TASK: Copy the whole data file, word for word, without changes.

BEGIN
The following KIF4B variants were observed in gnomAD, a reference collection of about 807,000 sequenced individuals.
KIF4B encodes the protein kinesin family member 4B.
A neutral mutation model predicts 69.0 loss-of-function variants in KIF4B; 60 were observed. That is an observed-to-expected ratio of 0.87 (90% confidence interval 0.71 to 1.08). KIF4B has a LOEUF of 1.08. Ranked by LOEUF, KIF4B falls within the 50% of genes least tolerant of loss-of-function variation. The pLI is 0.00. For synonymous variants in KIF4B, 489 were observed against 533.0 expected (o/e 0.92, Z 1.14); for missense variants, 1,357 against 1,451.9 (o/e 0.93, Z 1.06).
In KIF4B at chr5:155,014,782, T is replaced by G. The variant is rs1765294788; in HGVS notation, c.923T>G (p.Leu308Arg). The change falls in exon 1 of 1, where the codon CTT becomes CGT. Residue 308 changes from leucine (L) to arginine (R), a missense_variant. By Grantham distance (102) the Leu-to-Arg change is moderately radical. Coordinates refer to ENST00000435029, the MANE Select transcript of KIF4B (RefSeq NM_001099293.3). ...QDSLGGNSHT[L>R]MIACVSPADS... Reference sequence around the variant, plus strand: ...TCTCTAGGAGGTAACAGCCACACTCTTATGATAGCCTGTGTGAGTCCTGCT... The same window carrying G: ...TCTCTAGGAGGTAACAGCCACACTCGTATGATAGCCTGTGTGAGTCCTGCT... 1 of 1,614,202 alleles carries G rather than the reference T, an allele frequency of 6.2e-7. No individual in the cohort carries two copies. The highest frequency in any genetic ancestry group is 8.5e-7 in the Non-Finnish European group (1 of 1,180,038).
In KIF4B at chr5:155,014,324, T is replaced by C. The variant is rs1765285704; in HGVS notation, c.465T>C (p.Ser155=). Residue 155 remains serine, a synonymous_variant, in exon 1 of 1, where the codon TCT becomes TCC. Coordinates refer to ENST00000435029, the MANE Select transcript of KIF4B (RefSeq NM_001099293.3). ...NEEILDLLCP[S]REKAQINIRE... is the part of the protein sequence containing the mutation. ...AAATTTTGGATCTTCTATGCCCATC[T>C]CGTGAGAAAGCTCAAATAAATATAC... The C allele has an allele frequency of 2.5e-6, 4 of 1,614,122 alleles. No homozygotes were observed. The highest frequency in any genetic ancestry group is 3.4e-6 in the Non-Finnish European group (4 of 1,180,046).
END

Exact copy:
The following KIF4B variants were observed in gnomAD, a reference collection of about 807,000 sequenced individuals.
KIF4B encodes the protein kinesin family member 4B.
A neutral mutation model predicts 69.0 loss-of-function variants in KIF4B; 60 were observed. That is an observed-to-expected ratio of 0.87 (90% confidence interval 0.71 to 1.08). KIF4B has a LOEUF of 1.08. Ranked by LOEUF, KIF4B falls within the 50% of genes least tolerant of loss-of-function variation. The pLI is 0.00. For synonymous variants in KIF4B, 489 were observed against 533.0 expected (o/e 0.92, Z 1.14); for missense variants, 1,357 against 1,451.9 (o/e 0.93, Z 1.06).
In KIF4B at chr5:155,014,782, T is replaced by G. The variant is rs1765294788; in HGVS notation, c.923T>G (p.Leu308Arg). The change falls in exon 1 of 1, where the codon CTT becomes CGT. Residue 308 changes from leucine (L) to arginine (R), a missense_variant. By Grantham distance (102) the Leu-to-Arg change is moderately radical. Coordinates refer to ENST00000435029, the MANE Select transcript of KIF4B (RefSeq NM_001099293.3). ...QDSLGGNSHT[L>R]MIACVSPADS... Reference sequence around the variant, plus strand: ...TCTCTAGGAGGTAACAGCCACACTCTTATGATAGCCTGTGTGAGTCCTGCT... The same window carrying G: ...TCTCTAGGAGGTAACAGCCACACTCGTATGATAGCCTGTGTGAGTCCTGCT... 1 of 1,614,202 alleles carries G rather than the reference T, an allele frequency of 6.2e-7. No individual in the cohort carries two copies. The highest frequency in any genetic ancestry group is 8.5e-7 in the Non-Finnish European group (1 of 1,180,038).
In KIF4B at chr5:155,014,324, T is replaced by C. The variant is rs1765285704; in HGVS notation, c.465T>C (p.Ser155=). Residue 155 remains serine, a synonymous_variant, in exon 1 of 1, where the codon TCT becomes TCC. Coordinates refer to ENST00000435029, the MANE Select transcript of KIF4B (RefSeq NM_001099293.3). ...NEEILDLLCP[S]REKAQINIRE... is the part of the protein sequence containing the mutation. ...AAATTTTGGATCTTCTATGCCCATC[T>C]CGTGAGAAAGCTCAAATAAATATAC... The C allele has an allele frequency of 2.5e-6, 4 of 1,614,122 alleles. No homozygotes were observed. The highest frequency in any genetic ancestry group is 3.4e-6 in the Non-Finnish European group (4 of 1,180,046).